In the final verse Edith carries on to say “What pretty things you said” and once again relating music and love with “What pearls of song you threaded for me! ” I got the idea that possibly she did still love him by the way she chose her words to describe what he was doing until the last two line which I found rather comical, which was “I did not – till your ghost had fled – Remember how you always bore me! ” I think the tone of this poem is very soft and romantic although the narrator was not in love and it rhymes throughout.
The forth poem in the cycle of love is called “A Complaint” by William Wordsworth showing when love has gone stale and is taken for granted, the poem start “there is change-And I am poor”, showing things have started to change between them in their relationship and he has nothing. There is a lot of relation to water in this poem; this is first shown in the third line of the poem, “A fountain at my fond heart’s door, Whose only business was to flow”. I think the relation to water is that water is related to nature and also, you could say water was like someone’s love, sometimes flowing fast and at other times slow or even hardly at all.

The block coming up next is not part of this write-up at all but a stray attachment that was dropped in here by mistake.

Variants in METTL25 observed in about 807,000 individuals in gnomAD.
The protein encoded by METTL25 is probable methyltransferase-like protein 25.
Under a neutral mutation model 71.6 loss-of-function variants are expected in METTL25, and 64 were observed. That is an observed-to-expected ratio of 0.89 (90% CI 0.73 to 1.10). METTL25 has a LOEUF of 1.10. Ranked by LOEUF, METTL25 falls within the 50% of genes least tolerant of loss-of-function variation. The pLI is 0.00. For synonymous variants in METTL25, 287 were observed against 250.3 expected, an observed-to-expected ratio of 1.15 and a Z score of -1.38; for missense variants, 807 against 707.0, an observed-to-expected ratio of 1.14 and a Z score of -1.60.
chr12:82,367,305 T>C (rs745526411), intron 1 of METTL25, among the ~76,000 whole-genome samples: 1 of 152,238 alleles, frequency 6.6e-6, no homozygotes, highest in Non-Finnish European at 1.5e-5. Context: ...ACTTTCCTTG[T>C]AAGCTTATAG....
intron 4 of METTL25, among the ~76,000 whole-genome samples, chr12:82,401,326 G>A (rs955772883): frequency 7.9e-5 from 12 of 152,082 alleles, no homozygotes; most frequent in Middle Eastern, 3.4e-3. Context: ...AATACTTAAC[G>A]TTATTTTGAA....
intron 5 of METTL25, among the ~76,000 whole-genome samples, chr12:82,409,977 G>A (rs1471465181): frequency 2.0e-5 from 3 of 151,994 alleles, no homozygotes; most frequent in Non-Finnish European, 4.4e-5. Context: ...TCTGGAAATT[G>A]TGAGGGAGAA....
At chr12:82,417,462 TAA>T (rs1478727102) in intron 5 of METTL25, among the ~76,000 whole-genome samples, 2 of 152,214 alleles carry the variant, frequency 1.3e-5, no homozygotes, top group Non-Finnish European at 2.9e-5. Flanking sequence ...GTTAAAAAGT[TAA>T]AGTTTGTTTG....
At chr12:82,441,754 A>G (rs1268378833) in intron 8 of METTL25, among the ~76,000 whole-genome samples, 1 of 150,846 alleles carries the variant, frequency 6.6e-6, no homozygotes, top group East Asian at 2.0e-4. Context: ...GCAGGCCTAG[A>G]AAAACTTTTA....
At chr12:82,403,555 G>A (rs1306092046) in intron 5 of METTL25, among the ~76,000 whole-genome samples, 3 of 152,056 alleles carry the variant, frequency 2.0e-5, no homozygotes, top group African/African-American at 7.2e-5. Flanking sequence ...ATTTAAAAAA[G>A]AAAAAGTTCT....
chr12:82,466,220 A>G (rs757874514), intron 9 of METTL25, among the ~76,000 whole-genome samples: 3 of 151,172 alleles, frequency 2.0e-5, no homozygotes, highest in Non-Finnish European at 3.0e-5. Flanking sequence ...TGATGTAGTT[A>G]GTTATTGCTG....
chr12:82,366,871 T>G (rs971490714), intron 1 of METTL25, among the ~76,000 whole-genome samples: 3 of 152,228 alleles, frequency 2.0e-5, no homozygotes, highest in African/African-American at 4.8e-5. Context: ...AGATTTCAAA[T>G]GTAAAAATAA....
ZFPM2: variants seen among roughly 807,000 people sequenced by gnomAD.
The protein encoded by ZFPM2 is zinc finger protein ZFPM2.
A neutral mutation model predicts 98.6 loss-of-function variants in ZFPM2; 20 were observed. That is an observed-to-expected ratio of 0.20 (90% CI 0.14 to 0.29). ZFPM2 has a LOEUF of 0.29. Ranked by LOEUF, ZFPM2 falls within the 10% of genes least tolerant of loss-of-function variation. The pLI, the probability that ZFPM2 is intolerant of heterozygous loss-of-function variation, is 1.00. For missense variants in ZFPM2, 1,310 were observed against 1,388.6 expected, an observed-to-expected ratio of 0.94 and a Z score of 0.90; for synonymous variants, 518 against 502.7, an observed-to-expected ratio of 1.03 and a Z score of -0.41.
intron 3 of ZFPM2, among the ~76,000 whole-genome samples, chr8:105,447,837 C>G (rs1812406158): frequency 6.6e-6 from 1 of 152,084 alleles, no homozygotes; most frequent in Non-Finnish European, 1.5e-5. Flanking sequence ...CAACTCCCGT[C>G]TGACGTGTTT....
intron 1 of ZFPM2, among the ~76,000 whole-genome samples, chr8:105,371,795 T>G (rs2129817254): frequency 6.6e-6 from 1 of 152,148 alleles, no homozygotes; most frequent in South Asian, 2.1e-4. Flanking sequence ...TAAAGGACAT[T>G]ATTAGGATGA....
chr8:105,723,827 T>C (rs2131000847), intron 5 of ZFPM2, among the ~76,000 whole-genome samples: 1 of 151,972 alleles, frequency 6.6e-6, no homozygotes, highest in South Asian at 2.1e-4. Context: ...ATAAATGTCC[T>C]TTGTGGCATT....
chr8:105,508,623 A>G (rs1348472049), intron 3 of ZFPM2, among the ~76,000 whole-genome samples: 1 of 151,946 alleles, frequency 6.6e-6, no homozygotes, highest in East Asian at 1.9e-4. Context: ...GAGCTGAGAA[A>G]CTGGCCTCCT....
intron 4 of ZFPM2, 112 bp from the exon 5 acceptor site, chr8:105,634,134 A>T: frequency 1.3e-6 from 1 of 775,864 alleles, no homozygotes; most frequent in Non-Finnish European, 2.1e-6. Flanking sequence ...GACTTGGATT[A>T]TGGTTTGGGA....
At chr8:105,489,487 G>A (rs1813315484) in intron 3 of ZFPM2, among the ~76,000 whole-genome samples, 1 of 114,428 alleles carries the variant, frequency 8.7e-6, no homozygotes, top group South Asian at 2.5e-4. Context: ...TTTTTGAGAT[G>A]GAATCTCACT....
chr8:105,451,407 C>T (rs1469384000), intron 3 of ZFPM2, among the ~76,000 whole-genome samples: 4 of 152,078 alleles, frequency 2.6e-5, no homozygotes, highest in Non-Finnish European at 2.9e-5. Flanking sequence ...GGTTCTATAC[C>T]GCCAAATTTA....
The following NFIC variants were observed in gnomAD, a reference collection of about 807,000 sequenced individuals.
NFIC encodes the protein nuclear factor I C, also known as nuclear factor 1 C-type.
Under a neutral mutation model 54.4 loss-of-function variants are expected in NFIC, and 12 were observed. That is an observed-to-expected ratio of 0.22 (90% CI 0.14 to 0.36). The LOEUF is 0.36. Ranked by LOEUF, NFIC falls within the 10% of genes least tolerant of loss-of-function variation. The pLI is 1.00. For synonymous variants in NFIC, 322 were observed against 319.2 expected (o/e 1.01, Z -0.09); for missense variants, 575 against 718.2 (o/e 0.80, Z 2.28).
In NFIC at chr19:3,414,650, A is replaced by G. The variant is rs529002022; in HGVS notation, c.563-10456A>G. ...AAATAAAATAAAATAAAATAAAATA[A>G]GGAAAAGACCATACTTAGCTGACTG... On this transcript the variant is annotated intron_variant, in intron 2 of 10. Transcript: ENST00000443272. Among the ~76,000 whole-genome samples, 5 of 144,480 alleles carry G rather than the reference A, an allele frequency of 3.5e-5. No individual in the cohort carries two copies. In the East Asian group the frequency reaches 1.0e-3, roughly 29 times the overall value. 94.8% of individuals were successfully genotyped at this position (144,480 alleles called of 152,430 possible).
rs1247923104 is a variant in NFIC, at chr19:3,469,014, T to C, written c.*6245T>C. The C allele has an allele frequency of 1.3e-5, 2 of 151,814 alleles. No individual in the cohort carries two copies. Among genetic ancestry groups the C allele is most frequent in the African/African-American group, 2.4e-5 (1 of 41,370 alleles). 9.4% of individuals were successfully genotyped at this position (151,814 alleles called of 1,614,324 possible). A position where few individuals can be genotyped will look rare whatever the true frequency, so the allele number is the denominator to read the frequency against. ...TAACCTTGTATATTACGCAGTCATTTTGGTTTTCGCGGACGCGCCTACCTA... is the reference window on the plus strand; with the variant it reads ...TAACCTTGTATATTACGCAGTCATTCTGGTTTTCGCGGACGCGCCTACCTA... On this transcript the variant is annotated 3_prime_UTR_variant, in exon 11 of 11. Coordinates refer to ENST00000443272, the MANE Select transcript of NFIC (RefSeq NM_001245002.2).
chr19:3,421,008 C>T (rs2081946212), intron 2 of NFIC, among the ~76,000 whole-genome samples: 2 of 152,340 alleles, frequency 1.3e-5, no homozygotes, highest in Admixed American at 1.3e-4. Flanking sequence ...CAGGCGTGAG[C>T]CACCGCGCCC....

The image of a fountain makes me think of beautiful, full, flowing love, which is how the narrator is describing how his lover would be loving him. In the second verse, he then goes on to claim about “What happy moment did I count” and how his love was a “consecrated fount”, which relates to religion, showing their love is pure and true but then follows on with some thing he is not to sure whether he should tell (“What have I? Shall I dare to tell? “), and he explains how his “fountain” of love from his lover is now “A comfortless and hidden well.